You can personalize the web address to make it something easy for your students to remember.As you can see, your user name is always the start of the web address.  You can add something simple like “garbage” for your students to make it easy to remember.

Next, choose your privacy settings. You want anyone with the link (your students) to be able to write on the padlet. You can keep it secret, but allow anyone with the link to collaborate OR you can make it public.

Now it is time to have students post. You can share your created padlet in various ways.  You can use a QR code and have them scan and link directly to the page, post the link on your website or in Google Classroom for easy access, or Have them type in the URL on the app.

The Lesson: We use padlet to respond to text all the time. This time we wanted to focus on how to read and extract information from an infographic. Since it’s springtime and we are thinking about being outside, we used the newest infographic "No More Garbage?" from the May/June Storyworks issue.

Discuss how and why an infographic can be used to relay LOTS of information in a succinct and engaging way. We also had a brief discussion about what statistics are and how they can be used to convey information and WOW a reader at the same time.

Give the students a copy of Storyworks Magazine. Talk with them about how to read an infographic. It is not linear. You do not have to read it in order. Information flows in different ways. After students read the infographic, we asked them to choose TWO of the amazing WOW facts and post them to the collaborative padlet. Students were then challenged to come up with ONE solution that they could do to help reduce the amount of garbage.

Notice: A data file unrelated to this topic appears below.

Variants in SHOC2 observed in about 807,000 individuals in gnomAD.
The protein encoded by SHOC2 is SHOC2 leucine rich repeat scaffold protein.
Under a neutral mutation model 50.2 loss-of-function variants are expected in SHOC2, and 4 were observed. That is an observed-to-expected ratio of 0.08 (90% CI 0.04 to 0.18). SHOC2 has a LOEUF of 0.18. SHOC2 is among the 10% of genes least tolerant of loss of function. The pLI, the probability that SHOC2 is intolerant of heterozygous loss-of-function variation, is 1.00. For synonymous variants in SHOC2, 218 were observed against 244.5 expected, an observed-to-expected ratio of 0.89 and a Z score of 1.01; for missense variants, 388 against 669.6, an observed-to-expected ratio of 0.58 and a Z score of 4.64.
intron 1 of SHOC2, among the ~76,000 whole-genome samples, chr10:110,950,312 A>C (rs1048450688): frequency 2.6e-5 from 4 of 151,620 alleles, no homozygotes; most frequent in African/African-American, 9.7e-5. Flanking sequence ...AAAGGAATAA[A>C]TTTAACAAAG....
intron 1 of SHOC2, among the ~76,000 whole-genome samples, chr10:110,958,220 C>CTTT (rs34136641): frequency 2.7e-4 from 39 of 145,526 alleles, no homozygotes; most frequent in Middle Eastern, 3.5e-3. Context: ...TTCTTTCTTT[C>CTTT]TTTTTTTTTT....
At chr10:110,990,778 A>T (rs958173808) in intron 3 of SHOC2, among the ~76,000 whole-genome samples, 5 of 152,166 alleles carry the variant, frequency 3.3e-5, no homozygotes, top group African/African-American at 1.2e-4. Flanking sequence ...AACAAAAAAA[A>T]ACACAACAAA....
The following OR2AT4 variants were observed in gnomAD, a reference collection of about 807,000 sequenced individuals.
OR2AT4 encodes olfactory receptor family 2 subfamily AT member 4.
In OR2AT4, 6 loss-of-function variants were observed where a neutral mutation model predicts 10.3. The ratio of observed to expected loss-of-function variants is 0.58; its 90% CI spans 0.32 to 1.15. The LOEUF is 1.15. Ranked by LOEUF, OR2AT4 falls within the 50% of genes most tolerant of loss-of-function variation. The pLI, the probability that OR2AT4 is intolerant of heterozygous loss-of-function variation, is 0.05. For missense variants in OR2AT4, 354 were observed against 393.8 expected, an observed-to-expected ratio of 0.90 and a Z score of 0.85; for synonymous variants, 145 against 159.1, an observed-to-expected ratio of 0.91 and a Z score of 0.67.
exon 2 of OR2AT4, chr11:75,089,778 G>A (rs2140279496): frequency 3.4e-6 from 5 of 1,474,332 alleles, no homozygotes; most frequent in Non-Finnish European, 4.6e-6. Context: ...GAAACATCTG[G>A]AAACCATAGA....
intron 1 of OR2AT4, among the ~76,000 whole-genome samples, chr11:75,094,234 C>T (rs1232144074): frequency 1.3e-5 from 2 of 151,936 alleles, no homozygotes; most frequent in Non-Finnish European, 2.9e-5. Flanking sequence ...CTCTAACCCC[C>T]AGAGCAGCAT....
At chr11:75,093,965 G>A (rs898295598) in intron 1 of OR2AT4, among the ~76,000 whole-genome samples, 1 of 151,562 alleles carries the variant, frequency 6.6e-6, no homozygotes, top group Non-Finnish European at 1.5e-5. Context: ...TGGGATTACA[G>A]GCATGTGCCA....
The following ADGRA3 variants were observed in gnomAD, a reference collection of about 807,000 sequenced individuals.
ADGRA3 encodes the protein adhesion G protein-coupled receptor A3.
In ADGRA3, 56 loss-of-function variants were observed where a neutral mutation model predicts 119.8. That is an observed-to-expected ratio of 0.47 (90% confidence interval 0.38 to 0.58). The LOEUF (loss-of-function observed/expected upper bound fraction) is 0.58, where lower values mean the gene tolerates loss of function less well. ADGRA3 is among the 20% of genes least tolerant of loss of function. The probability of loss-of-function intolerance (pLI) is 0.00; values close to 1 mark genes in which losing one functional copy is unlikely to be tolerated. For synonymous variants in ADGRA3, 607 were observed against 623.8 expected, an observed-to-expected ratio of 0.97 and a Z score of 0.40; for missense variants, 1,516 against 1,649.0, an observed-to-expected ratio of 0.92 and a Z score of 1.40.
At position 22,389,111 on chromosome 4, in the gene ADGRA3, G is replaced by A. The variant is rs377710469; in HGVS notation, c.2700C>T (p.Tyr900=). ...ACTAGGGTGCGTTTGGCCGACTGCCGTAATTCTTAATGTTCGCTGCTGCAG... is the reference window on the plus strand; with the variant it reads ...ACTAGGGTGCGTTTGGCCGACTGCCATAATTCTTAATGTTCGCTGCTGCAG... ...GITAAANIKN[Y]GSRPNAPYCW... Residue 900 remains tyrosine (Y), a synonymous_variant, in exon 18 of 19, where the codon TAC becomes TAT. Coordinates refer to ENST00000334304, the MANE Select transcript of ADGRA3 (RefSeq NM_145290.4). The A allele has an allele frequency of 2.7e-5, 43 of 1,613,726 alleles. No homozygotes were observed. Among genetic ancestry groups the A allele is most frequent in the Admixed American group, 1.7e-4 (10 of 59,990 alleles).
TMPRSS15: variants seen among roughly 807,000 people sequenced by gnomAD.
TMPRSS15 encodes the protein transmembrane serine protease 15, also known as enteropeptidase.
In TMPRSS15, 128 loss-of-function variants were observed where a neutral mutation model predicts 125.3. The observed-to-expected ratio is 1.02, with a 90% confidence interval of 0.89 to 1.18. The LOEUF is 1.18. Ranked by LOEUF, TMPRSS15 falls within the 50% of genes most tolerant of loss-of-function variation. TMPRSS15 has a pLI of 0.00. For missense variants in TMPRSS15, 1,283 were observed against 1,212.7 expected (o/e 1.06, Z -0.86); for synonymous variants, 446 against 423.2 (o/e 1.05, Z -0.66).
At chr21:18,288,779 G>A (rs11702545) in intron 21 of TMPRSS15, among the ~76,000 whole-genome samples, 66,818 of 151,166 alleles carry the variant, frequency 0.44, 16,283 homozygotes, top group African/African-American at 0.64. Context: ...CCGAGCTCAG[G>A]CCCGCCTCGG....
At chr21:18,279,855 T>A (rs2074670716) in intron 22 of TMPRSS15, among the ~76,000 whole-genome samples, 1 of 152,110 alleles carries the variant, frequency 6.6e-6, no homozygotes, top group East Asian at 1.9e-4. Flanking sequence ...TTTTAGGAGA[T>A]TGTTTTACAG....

If this is your first time using padlet, discuss with your students the idea of real-time collaboration. As they are adding their ideas to the page, so are all of their peers—simultaneously.  Some students will need a reminder to focus on their own posts first, then check out what their friends are thinking.

When they access the website, students either double-click or click on the + (bottom right corner of screen) which allows them to start a new post.  They can type their response to the reading prompt (which we have in our description at the top). To differentiate, you can have students who finish quickly search the web and then add an image to their post. This image should support the ideas expressed in their writing.

To view a padlet that our 3rd graders collaborated on, click here.

Padlet can be used in so many different ways. Keep your eyes peeled for our next Ideabook post on how to use Padlet to reflect on your Storyworks school year. THIS idea will make the Storyworks team Jump for Joy!